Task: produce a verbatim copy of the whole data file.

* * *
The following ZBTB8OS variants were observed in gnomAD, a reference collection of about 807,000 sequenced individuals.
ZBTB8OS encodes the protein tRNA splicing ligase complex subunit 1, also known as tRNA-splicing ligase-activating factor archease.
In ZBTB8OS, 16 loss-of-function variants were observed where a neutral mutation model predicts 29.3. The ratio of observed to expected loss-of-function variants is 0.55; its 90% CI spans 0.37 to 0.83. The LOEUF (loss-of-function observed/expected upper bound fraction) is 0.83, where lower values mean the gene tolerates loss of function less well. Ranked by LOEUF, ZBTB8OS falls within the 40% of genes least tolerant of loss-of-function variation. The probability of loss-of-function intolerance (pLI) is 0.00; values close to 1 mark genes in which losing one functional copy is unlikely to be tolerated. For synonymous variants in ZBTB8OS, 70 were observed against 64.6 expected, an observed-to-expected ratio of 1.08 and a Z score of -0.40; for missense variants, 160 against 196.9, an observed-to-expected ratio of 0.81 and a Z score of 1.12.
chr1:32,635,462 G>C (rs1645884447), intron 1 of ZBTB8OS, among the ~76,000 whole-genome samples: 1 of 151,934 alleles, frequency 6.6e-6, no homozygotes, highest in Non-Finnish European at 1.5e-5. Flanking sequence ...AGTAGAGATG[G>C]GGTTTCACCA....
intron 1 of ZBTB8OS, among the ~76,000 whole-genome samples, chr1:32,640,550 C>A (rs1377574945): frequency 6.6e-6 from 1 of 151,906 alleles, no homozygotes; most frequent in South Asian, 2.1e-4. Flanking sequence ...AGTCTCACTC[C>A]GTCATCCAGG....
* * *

The following ZBTB8OS variants were observed in gnomAD, a reference collection of about 807,000 sequenced individuals.
ZBTB8OS encodes the protein tRNA splicing ligase complex subunit 1, also known as tRNA-splicing ligase-activating factor archease.
In ZBTB8OS, 16 loss-of-function variants were observed where a neutral mutation model predicts 29.3. The ratio of observed to expected loss-of-function variants is 0.55; its 90% CI spans 0.37 to 0.83. The LOEUF (loss-of-function observed/expected upper bound fraction) is 0.83, where lower values mean the gene tolerates loss of function less well. Ranked by LOEUF, ZBTB8OS falls within the 40% of genes least tolerant of loss-of-function variation. The probability of loss-of-function intolerance (pLI) is 0.00; values close to 1 mark genes in which losing one functional copy is unlikely to be tolerated. For synonymous variants in ZBTB8OS, 70 were observed against 64.6 expected, an observed-to-expected ratio of 1.08 and a Z score of -0.40; for missense variants, 160 against 196.9, an observed-to-expected ratio of 0.81 and a Z score of 1.12.
chr1:32,635,462 G>C (rs1645884447), intron 1 of ZBTB8OS, among the ~76,000 whole-genome samples: 1 of 151,934 alleles, frequency 6.6e-6, no homozygotes, highest in Non-Finnish European at 1.5e-5. Flanking sequence ...AGTAGAGATG[G>C]GGTTTCACCA....
intron 1 of ZBTB8OS, among the ~76,000 whole-genome samples, chr1:32,640,550 C>A (rs1377574945): frequency 6.6e-6 from 1 of 151,906 alleles, no homozygotes; most frequent in South Asian, 2.1e-4. Flanking sequence ...AGTCTCACTC[C>A]GTCATCCAGG....